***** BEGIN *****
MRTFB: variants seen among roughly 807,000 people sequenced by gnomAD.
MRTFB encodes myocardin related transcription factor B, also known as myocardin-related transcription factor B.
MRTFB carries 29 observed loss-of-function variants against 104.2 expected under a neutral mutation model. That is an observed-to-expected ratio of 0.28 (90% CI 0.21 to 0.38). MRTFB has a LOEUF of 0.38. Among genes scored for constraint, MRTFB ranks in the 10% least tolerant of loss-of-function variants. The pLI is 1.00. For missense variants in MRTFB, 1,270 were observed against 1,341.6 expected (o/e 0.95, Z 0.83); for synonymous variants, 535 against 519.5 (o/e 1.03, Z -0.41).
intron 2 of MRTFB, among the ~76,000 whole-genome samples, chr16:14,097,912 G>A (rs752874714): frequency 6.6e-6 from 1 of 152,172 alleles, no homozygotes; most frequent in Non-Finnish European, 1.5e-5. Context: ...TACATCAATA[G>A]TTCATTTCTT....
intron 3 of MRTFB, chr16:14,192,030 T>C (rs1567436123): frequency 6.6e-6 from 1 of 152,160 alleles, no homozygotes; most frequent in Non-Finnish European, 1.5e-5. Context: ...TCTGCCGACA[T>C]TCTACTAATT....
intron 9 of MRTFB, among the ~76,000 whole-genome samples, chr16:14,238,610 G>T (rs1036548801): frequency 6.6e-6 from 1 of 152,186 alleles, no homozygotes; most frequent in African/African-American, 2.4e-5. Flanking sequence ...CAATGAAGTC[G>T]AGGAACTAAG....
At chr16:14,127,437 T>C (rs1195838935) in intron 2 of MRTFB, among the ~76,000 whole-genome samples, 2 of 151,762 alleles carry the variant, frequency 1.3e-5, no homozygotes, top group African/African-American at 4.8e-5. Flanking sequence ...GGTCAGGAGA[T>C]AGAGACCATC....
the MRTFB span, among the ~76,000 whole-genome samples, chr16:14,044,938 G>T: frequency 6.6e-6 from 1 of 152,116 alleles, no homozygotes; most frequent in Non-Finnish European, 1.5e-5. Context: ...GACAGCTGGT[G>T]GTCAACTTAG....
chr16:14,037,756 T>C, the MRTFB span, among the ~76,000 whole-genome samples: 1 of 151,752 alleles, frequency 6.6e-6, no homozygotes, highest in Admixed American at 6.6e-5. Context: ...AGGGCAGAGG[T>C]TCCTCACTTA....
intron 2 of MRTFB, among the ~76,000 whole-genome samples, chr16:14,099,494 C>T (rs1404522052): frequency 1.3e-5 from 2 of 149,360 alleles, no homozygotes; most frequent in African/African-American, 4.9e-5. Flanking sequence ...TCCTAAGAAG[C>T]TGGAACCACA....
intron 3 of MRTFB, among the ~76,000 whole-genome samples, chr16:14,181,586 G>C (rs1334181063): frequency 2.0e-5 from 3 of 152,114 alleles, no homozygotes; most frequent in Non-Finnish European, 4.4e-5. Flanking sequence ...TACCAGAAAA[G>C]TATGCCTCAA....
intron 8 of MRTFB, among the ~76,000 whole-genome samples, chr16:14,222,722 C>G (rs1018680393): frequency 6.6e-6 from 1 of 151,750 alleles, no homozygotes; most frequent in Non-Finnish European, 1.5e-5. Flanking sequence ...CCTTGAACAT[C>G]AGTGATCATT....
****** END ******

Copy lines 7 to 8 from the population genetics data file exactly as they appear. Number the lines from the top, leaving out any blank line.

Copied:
At chr16:14,127,437 T>C (rs1195838935) in intron 2 of MRTFB, among the ~76,000 whole-genome samples, 2 of 151,762 alleles carry the variant, frequency 1.3e-5, no homozygotes, top group African/African-American at 4.8e-5. Flanking sequence ...GGTCAGGAGA[T>C]AGAGACCATC....
the MRTFB span, among the ~76,000 whole-genome samples, chr16:14,044,938 G>T: frequency 6.6e-6 from 1 of 152,116 alleles, no homozygotes; most frequent in Non-Finnish European, 1.5e-5. Context: ...GACAGCTGGT[G>T]GTCAACTTAG....